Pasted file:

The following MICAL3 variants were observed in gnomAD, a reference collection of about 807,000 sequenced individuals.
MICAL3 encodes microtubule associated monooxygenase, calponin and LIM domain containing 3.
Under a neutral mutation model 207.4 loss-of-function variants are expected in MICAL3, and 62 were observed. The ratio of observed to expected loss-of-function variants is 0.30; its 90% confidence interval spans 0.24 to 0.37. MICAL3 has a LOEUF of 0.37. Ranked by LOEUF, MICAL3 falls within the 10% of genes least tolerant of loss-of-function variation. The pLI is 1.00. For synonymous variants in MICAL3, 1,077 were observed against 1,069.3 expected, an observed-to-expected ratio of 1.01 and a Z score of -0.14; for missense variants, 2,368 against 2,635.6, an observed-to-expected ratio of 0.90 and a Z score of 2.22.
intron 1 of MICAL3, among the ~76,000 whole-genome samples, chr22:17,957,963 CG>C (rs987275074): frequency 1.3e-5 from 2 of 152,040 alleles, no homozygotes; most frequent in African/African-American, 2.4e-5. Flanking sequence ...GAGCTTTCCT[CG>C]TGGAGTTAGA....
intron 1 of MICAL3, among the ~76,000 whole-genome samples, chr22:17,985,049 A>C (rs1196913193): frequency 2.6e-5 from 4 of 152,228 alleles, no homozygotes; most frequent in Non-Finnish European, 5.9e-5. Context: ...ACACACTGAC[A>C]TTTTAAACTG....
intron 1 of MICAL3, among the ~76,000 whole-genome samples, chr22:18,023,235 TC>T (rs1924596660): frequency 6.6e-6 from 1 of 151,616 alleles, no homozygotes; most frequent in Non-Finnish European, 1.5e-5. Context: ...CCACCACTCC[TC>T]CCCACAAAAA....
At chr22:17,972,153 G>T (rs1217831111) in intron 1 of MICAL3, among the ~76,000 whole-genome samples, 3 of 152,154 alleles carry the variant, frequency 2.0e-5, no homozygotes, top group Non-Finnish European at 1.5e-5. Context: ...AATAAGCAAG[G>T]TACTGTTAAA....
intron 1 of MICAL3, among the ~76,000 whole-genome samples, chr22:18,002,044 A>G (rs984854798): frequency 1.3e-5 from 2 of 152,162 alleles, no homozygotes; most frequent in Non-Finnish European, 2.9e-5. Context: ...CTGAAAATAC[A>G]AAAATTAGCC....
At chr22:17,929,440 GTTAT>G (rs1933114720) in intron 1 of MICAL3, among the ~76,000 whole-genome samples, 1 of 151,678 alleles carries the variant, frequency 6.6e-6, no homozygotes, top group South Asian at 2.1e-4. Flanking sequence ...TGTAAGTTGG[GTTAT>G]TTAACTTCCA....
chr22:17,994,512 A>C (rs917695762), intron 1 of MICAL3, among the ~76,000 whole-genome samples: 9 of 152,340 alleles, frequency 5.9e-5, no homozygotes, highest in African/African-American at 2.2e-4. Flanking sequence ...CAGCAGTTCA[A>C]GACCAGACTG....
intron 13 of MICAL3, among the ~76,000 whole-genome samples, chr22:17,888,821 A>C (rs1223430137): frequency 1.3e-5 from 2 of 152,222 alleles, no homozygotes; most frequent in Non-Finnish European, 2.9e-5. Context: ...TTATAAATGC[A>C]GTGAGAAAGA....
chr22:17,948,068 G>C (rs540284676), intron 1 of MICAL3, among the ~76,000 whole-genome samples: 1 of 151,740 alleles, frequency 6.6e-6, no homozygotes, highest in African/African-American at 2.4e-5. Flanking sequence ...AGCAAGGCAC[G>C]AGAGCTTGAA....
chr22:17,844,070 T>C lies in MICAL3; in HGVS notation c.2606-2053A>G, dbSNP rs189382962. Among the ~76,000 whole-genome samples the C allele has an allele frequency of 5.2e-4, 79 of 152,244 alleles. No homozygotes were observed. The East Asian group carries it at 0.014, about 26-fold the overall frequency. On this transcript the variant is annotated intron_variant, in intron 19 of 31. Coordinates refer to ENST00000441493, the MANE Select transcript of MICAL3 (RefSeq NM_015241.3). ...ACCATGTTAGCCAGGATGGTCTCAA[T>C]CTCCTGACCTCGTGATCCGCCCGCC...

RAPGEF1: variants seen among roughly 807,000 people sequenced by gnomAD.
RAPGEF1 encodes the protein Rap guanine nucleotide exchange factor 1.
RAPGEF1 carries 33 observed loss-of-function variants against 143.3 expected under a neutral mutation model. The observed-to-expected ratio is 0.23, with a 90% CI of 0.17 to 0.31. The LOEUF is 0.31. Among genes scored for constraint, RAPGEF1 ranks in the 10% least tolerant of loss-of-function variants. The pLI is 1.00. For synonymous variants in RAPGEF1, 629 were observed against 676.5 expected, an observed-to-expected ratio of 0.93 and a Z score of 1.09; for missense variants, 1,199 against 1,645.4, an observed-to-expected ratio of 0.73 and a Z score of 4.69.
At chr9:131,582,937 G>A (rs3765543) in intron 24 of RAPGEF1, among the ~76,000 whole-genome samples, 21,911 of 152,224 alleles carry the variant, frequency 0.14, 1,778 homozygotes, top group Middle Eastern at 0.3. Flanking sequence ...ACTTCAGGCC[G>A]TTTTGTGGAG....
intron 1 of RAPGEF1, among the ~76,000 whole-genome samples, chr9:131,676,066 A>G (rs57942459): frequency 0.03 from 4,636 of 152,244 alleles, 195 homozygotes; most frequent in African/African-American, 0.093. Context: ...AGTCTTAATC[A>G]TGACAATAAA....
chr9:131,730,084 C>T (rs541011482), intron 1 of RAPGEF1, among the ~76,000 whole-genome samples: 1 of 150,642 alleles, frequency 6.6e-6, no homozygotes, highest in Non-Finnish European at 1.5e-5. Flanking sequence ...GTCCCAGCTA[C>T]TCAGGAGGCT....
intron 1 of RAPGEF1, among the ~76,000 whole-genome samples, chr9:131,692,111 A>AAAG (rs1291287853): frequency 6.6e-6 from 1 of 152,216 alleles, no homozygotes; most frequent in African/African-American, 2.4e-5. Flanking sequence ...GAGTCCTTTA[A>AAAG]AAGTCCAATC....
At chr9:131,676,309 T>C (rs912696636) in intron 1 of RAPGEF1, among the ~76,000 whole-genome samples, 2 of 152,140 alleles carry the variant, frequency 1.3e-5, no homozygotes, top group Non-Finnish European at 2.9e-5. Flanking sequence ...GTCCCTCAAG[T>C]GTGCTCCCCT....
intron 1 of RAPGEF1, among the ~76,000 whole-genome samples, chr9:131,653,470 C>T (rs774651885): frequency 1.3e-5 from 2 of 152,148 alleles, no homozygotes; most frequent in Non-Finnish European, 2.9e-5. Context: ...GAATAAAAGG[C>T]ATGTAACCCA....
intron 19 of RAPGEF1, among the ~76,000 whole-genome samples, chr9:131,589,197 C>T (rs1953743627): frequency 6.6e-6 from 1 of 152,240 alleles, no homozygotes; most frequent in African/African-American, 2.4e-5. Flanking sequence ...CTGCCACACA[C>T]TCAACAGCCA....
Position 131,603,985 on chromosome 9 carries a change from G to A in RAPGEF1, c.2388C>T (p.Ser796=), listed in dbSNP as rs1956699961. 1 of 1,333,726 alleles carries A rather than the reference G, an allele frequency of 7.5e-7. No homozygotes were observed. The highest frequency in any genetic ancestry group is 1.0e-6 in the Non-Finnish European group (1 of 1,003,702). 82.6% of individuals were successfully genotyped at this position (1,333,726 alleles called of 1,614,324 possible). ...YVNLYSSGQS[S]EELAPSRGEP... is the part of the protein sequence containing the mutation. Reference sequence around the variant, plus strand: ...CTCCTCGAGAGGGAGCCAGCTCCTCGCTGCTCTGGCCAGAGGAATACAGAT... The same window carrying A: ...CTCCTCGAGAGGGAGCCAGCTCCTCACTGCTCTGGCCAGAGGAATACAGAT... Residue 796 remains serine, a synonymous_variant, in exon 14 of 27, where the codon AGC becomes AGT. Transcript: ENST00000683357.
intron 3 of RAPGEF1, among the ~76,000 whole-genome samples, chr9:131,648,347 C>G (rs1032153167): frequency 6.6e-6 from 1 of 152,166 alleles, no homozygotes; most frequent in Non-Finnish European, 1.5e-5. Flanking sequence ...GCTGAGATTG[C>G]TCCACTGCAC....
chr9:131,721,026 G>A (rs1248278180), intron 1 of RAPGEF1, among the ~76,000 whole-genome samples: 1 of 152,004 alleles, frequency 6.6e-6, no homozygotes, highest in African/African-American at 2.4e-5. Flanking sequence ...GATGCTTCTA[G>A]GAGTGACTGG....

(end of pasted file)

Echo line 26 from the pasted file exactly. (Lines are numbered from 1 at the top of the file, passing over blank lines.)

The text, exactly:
chr9:131,721,026 G>A (rs1248278180), intron 1 of RAPGEF1, among the ~76,000 whole-genome samples: 1 of 152,004 alleles, frequency 6.6e-6, no homozygotes, highest in African/African-American at 2.4e-5. Flanking sequence ...GATGCTTCTA[G>A]GAGTGACTGG....